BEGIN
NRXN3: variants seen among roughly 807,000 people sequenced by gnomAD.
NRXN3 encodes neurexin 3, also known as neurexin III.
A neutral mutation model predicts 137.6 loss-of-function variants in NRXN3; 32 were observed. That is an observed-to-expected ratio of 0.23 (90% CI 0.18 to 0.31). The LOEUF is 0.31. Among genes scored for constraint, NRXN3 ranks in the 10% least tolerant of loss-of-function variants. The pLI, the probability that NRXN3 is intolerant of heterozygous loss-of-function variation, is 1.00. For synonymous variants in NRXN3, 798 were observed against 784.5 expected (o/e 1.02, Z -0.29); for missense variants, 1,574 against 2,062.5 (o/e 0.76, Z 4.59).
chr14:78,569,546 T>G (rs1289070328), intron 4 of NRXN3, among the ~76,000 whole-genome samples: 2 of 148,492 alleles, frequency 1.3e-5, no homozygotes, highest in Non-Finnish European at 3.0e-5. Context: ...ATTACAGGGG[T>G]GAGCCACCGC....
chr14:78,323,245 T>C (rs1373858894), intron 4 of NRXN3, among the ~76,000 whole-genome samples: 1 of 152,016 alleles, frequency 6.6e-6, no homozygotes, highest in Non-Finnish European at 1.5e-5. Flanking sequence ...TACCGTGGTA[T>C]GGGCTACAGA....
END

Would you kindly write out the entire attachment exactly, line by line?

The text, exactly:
NRXN3: variants seen among roughly 807,000 people sequenced by gnomAD.
NRXN3 encodes neurexin 3, also known as neurexin III.
A neutral mutation model predicts 137.6 loss-of-function variants in NRXN3; 32 were observed. That is an observed-to-expected ratio of 0.23 (90% CI 0.18 to 0.31). The LOEUF is 0.31. Among genes scored for constraint, NRXN3 ranks in the 10% least tolerant of loss-of-function variants. The pLI, the probability that NRXN3 is intolerant of heterozygous loss-of-function variation, is 1.00. For synonymous variants in NRXN3, 798 were observed against 784.5 expected (o/e 1.02, Z -0.29); for missense variants, 1,574 against 2,062.5 (o/e 0.76, Z 4.59).
chr14:78,569,546 T>G (rs1289070328), intron 4 of NRXN3, among the ~76,000 whole-genome samples: 2 of 148,492 alleles, frequency 1.3e-5, no homozygotes, highest in Non-Finnish European at 3.0e-5. Context: ...ATTACAGGGG[T>G]GAGCCACCGC....
chr14:78,323,245 T>C (rs1373858894), intron 4 of NRXN3, among the ~76,000 whole-genome samples: 1 of 152,016 alleles, frequency 6.6e-6, no homozygotes, highest in Non-Finnish European at 1.5e-5. Flanking sequence ...TACCGTGGTA[T>C]GGGCTACAGA....